Search result(s) - rímpwal

rímpwal

Hiligaynon

To struggle hard or make great efforts to escape, to strain every nerve to break fetters, shake off a superimposed weight and the like. Ang karabáw nga nagápus kag ginamarkahán nagarímpwal. The buffalo that is tied and is being branded is making frantic efforts to rise. (see pólok, polók-pólok).



polók-pólok

Hiligaynon

Dim. and Freq. of pólok. Nagapolókpólok ang karabáw nga ginamarkahán. The buffalo that is being branded is making frantic efforts to rise. (see rímpwal, pológpólog).


rímpual

Hiligaynon

See the following rímpwal.


To stumble, make a false step and reel in consequence without falling altogether, to lose one's balance (by slipping, etc.) and to regain it with some effort; to struggle, make great efforts to escape (as a child struggling to get away from the arms of its nurse, or the like). (see balít-ad, tikháyà, pólok, rímpwal).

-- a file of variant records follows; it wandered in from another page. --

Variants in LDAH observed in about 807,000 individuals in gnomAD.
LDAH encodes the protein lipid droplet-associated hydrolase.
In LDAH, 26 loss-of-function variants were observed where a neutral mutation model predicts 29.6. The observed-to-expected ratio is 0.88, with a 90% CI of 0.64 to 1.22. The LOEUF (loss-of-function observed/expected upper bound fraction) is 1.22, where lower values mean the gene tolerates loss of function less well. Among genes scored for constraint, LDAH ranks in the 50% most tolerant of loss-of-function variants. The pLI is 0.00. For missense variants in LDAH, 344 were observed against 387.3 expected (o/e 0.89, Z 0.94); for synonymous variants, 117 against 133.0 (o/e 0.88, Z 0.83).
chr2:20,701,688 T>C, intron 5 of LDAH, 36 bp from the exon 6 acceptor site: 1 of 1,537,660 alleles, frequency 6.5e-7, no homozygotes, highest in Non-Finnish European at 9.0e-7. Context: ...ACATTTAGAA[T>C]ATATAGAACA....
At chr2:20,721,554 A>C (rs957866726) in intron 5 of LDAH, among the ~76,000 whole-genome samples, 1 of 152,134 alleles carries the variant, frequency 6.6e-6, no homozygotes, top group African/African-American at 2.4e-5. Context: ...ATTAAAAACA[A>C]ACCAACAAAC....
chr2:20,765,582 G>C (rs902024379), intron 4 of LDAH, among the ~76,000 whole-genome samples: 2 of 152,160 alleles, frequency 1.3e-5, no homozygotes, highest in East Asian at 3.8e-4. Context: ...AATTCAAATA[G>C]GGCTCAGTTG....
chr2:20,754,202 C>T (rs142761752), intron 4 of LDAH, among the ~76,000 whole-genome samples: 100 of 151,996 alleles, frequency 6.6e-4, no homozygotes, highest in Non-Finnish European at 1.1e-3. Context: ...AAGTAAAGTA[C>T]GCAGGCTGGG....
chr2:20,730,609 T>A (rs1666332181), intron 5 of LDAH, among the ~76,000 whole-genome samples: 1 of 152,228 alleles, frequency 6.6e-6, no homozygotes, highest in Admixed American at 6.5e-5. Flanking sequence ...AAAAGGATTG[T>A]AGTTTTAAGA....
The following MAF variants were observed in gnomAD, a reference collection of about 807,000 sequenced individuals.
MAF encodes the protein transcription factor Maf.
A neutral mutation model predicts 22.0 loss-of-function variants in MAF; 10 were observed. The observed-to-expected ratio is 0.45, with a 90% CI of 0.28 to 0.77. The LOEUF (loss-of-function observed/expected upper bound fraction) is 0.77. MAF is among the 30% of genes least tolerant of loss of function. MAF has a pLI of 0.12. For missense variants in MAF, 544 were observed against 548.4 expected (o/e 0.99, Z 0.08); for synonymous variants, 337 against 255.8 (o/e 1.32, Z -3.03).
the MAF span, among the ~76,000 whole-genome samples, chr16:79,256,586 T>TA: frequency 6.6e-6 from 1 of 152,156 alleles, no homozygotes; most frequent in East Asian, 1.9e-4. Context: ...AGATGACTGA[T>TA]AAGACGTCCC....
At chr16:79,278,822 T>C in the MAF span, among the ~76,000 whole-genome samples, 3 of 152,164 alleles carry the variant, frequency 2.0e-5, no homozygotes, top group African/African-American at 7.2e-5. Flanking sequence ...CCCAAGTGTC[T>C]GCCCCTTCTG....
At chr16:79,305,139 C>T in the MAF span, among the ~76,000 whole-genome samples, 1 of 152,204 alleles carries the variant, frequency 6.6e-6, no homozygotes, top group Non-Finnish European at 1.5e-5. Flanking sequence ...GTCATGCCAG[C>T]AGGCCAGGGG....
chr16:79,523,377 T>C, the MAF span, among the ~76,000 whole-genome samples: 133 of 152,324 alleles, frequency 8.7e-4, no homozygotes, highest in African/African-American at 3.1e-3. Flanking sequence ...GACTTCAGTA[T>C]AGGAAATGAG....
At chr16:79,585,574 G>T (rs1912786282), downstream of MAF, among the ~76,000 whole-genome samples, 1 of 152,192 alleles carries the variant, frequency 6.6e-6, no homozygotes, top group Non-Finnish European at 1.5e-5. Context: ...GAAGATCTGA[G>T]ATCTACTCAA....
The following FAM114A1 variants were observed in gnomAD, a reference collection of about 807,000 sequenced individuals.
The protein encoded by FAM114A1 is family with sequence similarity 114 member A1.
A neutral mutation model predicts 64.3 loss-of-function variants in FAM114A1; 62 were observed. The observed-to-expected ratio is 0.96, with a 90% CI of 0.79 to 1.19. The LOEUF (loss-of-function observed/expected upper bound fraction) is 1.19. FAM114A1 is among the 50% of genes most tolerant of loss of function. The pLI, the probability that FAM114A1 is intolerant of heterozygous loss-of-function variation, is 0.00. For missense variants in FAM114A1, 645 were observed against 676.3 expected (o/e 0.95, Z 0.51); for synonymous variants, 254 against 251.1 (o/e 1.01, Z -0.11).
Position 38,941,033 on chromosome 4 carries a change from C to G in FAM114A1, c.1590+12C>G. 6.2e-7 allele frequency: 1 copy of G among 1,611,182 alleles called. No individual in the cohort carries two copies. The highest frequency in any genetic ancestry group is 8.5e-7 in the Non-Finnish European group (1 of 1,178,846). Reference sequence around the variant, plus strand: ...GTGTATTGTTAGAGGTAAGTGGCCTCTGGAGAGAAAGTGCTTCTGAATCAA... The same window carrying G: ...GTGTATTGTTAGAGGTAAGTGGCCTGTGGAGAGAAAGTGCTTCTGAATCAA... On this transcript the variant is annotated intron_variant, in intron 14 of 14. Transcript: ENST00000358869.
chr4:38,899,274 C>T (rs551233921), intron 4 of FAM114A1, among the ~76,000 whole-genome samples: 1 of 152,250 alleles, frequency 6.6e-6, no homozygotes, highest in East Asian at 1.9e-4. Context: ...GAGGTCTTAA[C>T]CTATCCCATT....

trompisón

Hiligaynon

(Sp. trompis) A blow with the fist. But in Visayan almost exclusively used in the meaning: to struggle, make frantic efforts to escape or get free, to kick, make convulsive movements to gain one's freedom, etc. (see rímpwal, kúbyal, hiwasâ, pálak, pólok).


To roll down head over heels, fall down a steep incline, etc.; to struggle, wriggle, writhe, move restlessly, tumble about (as one suffering great pain, or the like). (see túmba, rímpwal, hiwasâ, kubyál, etc.).


tumpilák

Hiligaynon

Gambol, frisk, frolic, running and jumping with clapping of hands, or the like; to frolic, gambol, frisk, run and jump and clap one's hands, make violent gesticulations; to make convulsive movements, start, startle, struggle, wriggle, writhe, get a shock. Iníng bátà daw pírme gid lang nagatumpilák. This boy is-never at rest,-always up to something,-always running and jumping and making a noise. (see rímpwal, pólok, pálak, kubyál, hinúgyaw).